Why isn't there a Wounded Warriors wrestling league? Real Sports recently did a piece on MMA as an avenue of relief for those with PTSD. Wrestling can play the same role in the lives of serviceman returning from active duty. Finding new athletes and people who could benefit from the camaraderie of the sport we could create a way to change the perception of our sport by helping those who've served our country.
Q: Why do you think wrestlers in the heavier weights are having so much success in MMA, but in the lighter weights wrestlers aren't very noticeable? I know Benson Henderson, Michael Chandler, Chad Mendes and Frankie Edgar were stud wrestlers, but the depth is just not there. Especially at 125/135, excited to see how Bubba Jenkins and Lance Palmer do when they get a shot, but still looking for some more lighter guys to get involved. Shawn Bunch will be awesome when he gets some experience. Anybody else coming up? Would make those lighter weights a lot better and more competitive with guys like Henry Cejudo, Nick Simmons, Montell Marion, and even Andrew Long fresh out of jail. One more question, do you think the Iowa style, grinding, getting the other guy tired, forward, will ever make its way into MMA? I know it would be dangerous, but just imagine 15 minutes of Andrew Howe and Brett Metcalf pulling guys' heads down that aren't used to it.
-- Rob H.
Foley: Andrew Long "fresh out of jail." Ouch, sensitive topic, brother! You deal with any of his residual fans. I'm forwarding you the emails.
I don't know if there is a weight preference for wrestlers-turned-fighters, in fact everything you wrote makes it seem pretty even throughout the UFC. The UFC champions at every weight but 145 and 170 are former collegiate wrestlers. When you factor in GSP's Russian-training in Canada every champion except Jose Aldo is a wrestler. Add to that the domination of Ben Askren and Michael Chandler and you have a lot of our mat heroes mopping up opponents.
Cejudo hasn't fought a quality opponent, and it would be disrespectful to Askren, Velasquez and any of the other big name wrestlers-turned-fighters who'd trained for years in the sport. Like I've written before, Cejudo is an incredible athlete and what he did on the mat in 2008 was inspirational for his community and the country. But he in no way is on par with Chris Weidman.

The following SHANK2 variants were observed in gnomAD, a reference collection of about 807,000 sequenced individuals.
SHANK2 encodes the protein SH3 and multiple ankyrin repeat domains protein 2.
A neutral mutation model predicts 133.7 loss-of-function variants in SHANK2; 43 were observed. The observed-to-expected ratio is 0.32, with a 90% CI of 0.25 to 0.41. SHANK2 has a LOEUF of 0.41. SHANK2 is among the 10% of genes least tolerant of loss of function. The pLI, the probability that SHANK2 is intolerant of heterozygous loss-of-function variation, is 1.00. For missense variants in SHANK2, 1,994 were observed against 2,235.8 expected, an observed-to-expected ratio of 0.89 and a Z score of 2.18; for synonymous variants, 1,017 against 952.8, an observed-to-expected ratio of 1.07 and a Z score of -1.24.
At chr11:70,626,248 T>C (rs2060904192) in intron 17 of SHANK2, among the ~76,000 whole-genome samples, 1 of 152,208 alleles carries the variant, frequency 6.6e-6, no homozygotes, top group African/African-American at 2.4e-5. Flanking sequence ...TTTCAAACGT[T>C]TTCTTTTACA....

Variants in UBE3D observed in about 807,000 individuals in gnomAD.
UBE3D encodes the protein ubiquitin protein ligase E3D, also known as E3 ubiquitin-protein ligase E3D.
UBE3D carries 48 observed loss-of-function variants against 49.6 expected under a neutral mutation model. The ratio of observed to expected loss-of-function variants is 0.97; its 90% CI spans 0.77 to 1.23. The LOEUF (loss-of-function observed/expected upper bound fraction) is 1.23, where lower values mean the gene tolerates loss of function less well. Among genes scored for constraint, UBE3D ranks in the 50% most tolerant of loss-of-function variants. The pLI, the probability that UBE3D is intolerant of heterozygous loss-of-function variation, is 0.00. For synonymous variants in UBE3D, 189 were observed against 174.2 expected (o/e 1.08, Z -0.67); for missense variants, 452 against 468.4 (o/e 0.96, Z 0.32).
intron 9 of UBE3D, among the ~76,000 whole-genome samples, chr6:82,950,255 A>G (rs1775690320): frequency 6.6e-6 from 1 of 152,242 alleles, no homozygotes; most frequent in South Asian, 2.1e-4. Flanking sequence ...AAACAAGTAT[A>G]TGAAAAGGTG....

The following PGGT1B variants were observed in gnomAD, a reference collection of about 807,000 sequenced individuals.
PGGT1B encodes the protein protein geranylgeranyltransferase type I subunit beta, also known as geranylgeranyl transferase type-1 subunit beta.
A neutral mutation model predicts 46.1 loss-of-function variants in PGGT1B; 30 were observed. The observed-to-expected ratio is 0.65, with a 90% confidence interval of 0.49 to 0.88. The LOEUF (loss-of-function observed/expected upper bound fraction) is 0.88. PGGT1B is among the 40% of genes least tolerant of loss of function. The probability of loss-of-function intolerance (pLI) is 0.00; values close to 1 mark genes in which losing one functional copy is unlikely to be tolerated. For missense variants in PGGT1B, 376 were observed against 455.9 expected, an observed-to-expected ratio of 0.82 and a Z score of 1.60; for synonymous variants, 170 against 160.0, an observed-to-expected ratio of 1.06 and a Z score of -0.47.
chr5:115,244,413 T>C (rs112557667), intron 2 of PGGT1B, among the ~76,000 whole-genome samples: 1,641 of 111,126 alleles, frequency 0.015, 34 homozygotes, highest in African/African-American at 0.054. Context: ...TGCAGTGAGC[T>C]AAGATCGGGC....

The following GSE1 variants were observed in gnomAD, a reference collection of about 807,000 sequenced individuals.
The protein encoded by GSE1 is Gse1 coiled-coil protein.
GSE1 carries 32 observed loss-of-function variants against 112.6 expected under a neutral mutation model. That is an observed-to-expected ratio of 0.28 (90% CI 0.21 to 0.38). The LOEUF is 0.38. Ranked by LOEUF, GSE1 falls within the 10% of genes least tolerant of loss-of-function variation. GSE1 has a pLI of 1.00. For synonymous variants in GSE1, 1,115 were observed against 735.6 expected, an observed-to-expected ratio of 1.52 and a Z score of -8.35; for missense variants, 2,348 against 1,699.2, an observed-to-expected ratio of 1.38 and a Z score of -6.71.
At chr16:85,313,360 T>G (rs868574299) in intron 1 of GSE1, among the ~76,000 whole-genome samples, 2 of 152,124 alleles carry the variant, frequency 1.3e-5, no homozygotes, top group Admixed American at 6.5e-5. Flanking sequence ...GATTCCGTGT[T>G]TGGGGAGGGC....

I'd love to see the lighter weight guys you mentioned make a jump, especially Nick Simmons, who is built for submission grappling.
I enjoy MMA and I love wrestling's impact on the sport, and like you I'd love to see some of our recent champions start pummeling more faux champions.
Q: I've been wrestling since the eighth grade. I ran into some hard times in high school and dropped out in the 10th grade. Can a person like me who has only four years of wrestling under his belt still get into shape and compete in the sport that he loves?
-- Tim S.
Foley: Depends on your city, but most areas have a wrestling program that can accommodate your desire to hit the mats! If you need a fix, I HIGHLY suggest jiu-jitsu as a way to meet your mat needs.
RANT OF THE WEEK!
By Jordan L.
I do not feel the system of "key" rules for passivity are necessary. Keep the pushout rule, and omit passivity all together. Again, we are trying to keep the sport interesting for casual fans. The members of college student bodies who attend a match or two a year in order to win spirit points for their respective teams, the folks who watch the NCAA finals once a year when they are on ESPN, and the like, are the ones we should be attempting to simplify our sport for. I do not think a write up of passivity rules that are relatively subjective to the official are the best way to do this. Let's keep the pushout rule, keep the 1 five-minute period match, and reward action via points!